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Trying to Do It Cheap Costs Big and Could Kill
For two days running, the Vancouver Sun has rightly given a front-page lead story to the inferno that engulfed the Remy at 9388 Cambie Road in Richmond on May 3.
As the first story reports, "The [building] code was changed as part of the B.C. Wood First Act that aimed to stimulate the province's timber industry."
Irresistable aside: Isn't "B.C. Wood First Act" an impressive title for a piece of legislation? Three more zinger possibilities:
• B.C. Increase Developer Margins Act
• B.C. Clearcut Forest Faster Act
• B.C. Rebuild It All Next Generation Act
Consider the following five points:
One. This first use of the new provision for taller wooden buildings has set out to produce a lot of "affordable housing" units. (Rich Coleman won't be living in one; Bob Rennie won't be selling one; offshore investors won't be parking money in one.)
Two. Richmond jumped at being first with this type of construction — but without specifically equipping its fire department to handle tall fires!
Three. Officials put many other smaller wood dwellings at risk by this facilitation of developer and forest industry greed. — Falling ashes and embers blowing off the fire caused spot fires throughout the city … Ten other homes were damaged by the blowing embers. (May 5, Vancouver Sun)
Four. As provincial and municipal policies in British Columbia continue to widen the gap between housing haves and have-nots, and to exacerbate a growing class divide, motivations for revenge and vandalism may increase. Taller wooden construction poses heightened risks, which insurance companies may not be willing to bear at acceptable premiums. — The UK Timber Frame Association estimates that two out of three fires on construction sites are started deliberately with motives ranging from revenge, fraud, crime concealment and vandalism. (para. 3.5, p. 28 of December 2010 report on fire safety in London, England)
Five. On the environmental front (see below), it would be interesting to have a quantification on the carbon release generated by that massive combustion.
And in Vancouver …
The City of Vancouver jumped on the "tall wood" bandwagon on 21 July 2009 (see Policy Report 3). After all, what councillor could resist a report saying that developers might be able to boost their profits? Council minutes state: ADOPTED ON CONSENT. (See: Amending By-law No. 9905 to Building By-law No. 9419)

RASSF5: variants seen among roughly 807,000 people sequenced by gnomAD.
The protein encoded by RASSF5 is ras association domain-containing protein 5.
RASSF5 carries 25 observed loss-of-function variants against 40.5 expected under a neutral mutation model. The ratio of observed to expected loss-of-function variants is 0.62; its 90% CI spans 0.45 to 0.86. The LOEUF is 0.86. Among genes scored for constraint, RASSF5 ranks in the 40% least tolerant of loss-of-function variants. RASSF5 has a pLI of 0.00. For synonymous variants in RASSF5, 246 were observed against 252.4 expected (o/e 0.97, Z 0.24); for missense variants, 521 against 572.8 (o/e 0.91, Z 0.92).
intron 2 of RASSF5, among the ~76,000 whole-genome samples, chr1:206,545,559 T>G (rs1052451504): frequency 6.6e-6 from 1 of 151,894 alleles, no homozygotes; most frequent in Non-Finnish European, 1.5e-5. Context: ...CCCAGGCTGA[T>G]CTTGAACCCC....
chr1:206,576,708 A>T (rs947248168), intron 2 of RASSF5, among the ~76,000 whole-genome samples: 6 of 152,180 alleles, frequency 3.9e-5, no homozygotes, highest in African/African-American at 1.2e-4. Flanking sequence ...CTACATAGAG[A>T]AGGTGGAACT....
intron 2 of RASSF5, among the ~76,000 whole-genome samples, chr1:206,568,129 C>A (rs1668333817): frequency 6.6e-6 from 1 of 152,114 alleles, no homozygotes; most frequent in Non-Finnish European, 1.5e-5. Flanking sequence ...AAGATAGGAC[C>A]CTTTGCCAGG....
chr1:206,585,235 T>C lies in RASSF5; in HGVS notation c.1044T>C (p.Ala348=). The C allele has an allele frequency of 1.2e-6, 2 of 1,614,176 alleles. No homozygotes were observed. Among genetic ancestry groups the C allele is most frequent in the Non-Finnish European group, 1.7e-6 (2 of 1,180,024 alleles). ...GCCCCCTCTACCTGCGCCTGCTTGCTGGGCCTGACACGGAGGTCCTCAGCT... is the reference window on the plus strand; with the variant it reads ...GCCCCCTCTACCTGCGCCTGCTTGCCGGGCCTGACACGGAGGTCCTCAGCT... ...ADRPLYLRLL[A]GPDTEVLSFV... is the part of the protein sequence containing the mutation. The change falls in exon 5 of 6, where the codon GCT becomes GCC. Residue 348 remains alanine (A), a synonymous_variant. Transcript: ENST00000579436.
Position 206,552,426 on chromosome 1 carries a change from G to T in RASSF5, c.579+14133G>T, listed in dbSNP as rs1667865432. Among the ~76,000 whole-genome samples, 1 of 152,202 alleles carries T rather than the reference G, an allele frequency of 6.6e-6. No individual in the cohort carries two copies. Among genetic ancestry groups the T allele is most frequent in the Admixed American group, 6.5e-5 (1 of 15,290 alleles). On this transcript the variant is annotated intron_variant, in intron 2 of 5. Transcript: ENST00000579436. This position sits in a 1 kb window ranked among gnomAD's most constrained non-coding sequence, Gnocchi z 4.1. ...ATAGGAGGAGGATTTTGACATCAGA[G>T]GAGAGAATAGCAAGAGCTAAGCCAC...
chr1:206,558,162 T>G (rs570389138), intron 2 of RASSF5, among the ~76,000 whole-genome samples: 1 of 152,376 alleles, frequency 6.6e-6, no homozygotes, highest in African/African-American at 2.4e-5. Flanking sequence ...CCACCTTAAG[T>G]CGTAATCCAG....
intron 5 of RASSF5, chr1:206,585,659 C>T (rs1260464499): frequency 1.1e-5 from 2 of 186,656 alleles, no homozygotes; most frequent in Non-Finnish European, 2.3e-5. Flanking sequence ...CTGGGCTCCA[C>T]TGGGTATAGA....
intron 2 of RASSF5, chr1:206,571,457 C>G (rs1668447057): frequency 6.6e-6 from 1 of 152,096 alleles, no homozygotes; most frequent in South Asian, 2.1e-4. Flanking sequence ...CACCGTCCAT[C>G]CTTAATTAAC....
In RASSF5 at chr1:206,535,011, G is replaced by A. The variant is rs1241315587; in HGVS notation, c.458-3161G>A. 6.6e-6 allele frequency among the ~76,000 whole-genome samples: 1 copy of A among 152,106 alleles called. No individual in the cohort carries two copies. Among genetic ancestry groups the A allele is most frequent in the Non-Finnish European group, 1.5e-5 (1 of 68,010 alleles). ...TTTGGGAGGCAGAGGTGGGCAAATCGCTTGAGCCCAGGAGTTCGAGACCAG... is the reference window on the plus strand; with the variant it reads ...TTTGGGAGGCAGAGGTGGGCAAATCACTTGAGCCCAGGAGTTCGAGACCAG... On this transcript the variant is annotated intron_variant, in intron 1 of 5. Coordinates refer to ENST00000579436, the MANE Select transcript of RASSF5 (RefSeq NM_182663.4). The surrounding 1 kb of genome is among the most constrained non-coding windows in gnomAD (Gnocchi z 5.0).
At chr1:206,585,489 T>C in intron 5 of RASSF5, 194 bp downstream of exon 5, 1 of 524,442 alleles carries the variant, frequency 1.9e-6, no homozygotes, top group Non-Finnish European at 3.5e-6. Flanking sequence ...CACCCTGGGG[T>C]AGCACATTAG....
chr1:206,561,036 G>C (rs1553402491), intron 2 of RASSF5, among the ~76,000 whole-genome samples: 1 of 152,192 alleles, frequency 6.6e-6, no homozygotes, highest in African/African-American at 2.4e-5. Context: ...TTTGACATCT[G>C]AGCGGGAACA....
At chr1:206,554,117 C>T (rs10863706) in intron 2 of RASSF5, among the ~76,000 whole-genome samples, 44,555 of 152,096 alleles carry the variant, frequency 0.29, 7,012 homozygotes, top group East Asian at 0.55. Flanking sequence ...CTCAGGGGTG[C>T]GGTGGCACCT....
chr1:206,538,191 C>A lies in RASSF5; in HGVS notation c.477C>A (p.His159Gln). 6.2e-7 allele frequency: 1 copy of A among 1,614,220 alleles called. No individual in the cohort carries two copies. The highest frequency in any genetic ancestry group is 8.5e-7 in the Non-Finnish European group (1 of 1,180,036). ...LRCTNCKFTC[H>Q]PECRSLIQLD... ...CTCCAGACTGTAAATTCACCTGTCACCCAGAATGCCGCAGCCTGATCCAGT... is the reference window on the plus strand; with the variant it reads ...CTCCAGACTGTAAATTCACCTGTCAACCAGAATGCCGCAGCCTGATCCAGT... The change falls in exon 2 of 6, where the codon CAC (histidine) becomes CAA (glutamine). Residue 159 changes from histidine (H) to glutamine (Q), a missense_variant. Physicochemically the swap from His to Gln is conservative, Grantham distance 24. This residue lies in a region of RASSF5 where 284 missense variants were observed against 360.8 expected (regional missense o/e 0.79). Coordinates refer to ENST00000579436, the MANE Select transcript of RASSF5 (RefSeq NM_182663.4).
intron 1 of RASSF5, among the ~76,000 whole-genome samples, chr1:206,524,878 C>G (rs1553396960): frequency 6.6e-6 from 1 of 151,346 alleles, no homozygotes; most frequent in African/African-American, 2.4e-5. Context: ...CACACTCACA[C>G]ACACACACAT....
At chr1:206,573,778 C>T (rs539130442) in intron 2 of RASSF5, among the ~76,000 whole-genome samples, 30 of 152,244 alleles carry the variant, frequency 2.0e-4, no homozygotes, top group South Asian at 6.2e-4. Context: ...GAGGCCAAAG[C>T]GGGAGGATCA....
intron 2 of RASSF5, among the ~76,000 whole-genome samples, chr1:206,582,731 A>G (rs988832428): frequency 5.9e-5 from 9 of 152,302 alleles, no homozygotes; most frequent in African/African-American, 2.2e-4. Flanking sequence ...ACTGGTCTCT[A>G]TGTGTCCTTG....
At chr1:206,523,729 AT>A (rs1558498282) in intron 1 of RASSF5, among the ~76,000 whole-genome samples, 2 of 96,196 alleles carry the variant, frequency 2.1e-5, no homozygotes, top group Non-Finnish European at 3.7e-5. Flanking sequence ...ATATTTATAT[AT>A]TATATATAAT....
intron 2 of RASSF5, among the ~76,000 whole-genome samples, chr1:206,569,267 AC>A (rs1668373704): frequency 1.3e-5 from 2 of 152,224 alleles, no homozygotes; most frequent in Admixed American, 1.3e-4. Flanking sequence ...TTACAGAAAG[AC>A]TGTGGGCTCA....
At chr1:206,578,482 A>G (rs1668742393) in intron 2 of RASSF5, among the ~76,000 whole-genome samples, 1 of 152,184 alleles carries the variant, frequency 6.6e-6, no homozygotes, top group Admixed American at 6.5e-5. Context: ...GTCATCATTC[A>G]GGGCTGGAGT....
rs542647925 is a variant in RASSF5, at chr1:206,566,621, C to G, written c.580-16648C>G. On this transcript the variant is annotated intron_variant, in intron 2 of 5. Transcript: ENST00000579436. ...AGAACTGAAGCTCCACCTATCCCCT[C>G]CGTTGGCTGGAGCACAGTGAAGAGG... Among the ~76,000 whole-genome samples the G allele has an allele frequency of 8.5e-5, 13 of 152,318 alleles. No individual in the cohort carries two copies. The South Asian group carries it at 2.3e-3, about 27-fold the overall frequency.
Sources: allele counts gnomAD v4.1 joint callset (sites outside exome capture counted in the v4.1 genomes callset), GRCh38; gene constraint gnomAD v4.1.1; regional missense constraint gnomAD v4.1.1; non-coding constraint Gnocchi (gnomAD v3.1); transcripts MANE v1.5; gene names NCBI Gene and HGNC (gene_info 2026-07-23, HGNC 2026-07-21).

Following is the body of a letter that I sent to Vancouver Mayor and Council on 20 July 2009:
Unstated Assumption in Policy Report on Residential Wood Frame Buildings
At the afternoon Council meeting of July 21, 2009 you will be considering this policy report:
Building By-law Amendments to Enable Construction of Five and Six Storey Residential Wood Frame Buildings
Page 3 claims that wood construction has a lower environmental impact than light steel frame or concrete construction.
Page 5 outlines what seems to be the main agenda, cutting per square foot construction costs by 10%.
Please consider the environmental impacts of buildings that are designed to be demolished in one to two generations. The green claims made for wood construction assume that the lifespan of buildings constructed with the three materials are the same. Is this a reasonable assumption?
Fire safety in London (17 December 2010)
Tracy Sherlock / Laura Kane. B.C.'s first six-storey wood-frame construction goes up in flames. Vancouver Sun (5 May 2011) A1, A7
Tracy Sherlock. Concerns raised over wood-frame construction. Vancouver Sun (6 May 2011) A1, A4
Tracy Sherlock. Fire service still lacks tools to put out blazes at taller wood-frame buildings. Vancouver Sun (7 May 2011) A8
Michael Giroux. "Fire safety of wood buildings is not on trial." Vancouver Sun (26 May 2011) A15 [Spin from president of the Canadian Wood Council.]